Following “The 500 Arhats,” his first one-man presentation in Japan in 14 years at the Mori Art Museum, which opened last October, Takashi Murakami unveiled a landmark showing of over 1,000 artworks from his collection at the Yokohama Museum of Art in late January.

The title, however, is slightly misleading. “Although the exhibition is titled ‘Takashi Murakami’s Superflat Collection,’ these works are, strictly speaking, not really ‘in’ my collection per se,” Murakami tells me, during a recent visit to his studio. “For tax reasons, all the artworks in my so-called ‘collection’ have actually been classed as dead stock or bad inventory belonging to my gallery, Kaikai Kiki — entirely legally, of course,” he adds.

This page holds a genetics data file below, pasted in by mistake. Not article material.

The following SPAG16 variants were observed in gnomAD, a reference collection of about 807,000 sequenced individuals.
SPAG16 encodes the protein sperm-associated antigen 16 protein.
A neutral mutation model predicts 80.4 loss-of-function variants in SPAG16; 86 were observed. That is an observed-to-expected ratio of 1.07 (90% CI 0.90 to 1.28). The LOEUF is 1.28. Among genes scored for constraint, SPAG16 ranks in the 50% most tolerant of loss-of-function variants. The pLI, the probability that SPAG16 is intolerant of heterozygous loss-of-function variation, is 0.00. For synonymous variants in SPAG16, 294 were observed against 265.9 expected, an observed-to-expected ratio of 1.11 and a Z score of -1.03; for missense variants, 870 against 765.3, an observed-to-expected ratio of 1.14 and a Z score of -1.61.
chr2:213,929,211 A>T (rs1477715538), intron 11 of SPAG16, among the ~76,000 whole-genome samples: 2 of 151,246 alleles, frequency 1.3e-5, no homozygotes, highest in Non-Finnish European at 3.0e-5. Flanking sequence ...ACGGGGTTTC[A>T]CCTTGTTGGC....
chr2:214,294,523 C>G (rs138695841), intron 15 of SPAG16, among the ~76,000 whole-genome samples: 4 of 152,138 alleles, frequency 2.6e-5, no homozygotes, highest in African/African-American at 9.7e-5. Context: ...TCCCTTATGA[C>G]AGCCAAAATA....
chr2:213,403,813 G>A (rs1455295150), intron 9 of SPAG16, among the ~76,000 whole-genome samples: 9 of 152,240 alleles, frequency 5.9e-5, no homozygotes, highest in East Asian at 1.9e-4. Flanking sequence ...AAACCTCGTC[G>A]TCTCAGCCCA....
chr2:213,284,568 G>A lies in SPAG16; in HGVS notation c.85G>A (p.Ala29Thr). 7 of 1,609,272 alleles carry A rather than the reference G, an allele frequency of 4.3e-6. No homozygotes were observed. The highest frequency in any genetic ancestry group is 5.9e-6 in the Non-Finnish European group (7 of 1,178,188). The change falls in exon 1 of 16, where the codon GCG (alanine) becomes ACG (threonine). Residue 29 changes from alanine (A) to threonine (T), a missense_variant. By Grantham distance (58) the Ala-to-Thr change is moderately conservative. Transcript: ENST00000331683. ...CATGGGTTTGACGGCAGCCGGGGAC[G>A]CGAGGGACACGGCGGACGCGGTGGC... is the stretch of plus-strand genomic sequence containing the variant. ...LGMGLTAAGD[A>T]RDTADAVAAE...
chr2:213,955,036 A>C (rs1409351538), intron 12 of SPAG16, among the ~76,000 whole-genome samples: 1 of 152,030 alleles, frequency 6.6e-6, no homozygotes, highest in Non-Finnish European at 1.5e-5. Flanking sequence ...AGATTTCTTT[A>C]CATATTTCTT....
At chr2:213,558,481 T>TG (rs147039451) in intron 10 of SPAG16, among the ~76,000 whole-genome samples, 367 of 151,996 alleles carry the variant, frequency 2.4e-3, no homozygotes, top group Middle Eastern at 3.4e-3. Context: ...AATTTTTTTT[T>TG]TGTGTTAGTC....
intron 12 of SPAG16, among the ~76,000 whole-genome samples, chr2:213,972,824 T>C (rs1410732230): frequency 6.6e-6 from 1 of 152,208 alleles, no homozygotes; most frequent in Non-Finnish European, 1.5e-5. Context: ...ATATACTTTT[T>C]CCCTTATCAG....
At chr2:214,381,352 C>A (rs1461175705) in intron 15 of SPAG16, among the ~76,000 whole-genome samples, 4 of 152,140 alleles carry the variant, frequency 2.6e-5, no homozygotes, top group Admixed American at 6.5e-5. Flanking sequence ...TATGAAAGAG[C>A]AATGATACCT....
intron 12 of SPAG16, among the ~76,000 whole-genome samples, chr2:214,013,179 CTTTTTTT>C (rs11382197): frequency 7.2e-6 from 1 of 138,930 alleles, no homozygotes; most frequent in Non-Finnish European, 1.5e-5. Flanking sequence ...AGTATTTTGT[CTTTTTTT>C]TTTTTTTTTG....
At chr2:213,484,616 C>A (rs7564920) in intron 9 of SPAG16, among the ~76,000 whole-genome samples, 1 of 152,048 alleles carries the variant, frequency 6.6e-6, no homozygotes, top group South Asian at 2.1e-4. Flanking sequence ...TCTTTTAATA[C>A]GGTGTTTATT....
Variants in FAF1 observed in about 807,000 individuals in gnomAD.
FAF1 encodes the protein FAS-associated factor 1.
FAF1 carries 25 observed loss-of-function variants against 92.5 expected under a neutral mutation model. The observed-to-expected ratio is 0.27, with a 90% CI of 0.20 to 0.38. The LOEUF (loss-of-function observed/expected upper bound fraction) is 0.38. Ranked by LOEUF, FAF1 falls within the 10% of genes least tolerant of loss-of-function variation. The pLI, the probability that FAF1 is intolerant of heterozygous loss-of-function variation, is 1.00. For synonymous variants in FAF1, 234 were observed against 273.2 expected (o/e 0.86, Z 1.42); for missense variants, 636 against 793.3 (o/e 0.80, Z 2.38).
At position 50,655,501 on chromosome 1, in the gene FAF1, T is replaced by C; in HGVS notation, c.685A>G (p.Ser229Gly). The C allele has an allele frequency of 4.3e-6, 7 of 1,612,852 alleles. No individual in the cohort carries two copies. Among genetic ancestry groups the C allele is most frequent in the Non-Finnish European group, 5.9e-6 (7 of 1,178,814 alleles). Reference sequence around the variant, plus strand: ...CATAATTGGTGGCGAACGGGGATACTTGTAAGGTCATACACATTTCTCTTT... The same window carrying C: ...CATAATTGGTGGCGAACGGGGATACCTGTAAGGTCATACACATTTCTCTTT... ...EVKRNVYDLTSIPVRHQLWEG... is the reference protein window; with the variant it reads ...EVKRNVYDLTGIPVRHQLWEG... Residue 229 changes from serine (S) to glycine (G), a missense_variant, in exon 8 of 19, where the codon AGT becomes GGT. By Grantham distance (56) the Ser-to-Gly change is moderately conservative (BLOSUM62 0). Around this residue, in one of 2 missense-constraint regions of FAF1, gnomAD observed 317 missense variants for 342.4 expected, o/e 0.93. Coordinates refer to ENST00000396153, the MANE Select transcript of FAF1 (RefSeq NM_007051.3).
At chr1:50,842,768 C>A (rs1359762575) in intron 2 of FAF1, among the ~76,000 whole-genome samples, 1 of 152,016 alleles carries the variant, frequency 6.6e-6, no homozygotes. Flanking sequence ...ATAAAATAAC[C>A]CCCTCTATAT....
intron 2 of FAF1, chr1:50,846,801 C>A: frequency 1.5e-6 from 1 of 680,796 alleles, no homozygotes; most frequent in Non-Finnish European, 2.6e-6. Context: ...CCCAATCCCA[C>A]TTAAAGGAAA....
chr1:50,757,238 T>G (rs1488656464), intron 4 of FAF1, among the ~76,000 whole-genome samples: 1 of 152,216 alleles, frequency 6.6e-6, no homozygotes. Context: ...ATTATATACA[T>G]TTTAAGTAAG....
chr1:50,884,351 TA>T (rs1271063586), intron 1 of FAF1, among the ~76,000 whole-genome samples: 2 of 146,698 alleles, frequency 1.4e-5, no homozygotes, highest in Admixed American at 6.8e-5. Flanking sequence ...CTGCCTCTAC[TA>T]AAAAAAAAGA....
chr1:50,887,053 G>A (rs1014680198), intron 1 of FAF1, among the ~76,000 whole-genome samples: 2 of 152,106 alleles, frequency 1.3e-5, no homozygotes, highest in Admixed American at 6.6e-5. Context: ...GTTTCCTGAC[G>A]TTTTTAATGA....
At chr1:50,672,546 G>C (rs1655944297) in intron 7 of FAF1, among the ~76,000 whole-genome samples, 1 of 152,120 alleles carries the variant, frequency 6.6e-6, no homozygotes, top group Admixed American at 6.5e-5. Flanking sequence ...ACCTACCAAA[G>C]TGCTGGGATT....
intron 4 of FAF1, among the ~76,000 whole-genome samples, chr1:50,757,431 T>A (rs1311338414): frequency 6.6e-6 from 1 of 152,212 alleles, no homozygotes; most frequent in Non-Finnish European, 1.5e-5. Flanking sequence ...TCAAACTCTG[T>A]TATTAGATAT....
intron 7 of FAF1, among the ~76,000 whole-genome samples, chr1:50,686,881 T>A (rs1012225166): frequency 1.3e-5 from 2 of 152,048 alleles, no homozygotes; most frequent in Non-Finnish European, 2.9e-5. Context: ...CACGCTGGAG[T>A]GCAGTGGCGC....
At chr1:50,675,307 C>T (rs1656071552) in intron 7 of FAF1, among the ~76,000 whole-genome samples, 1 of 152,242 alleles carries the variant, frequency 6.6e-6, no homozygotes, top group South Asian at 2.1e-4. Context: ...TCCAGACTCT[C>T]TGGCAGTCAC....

“You see, the tax system is Japan is extremely unfavorable towards the collecting of art. Whenever I talk with my tax accountants, they always tell me to sell off my art pieces at a loss — at a price much, much lower than what I paid for them,” he says, with a touch of bemusement. “If I got rid of some artworks in this way, then I wouldn’t have to pay the tax on them.”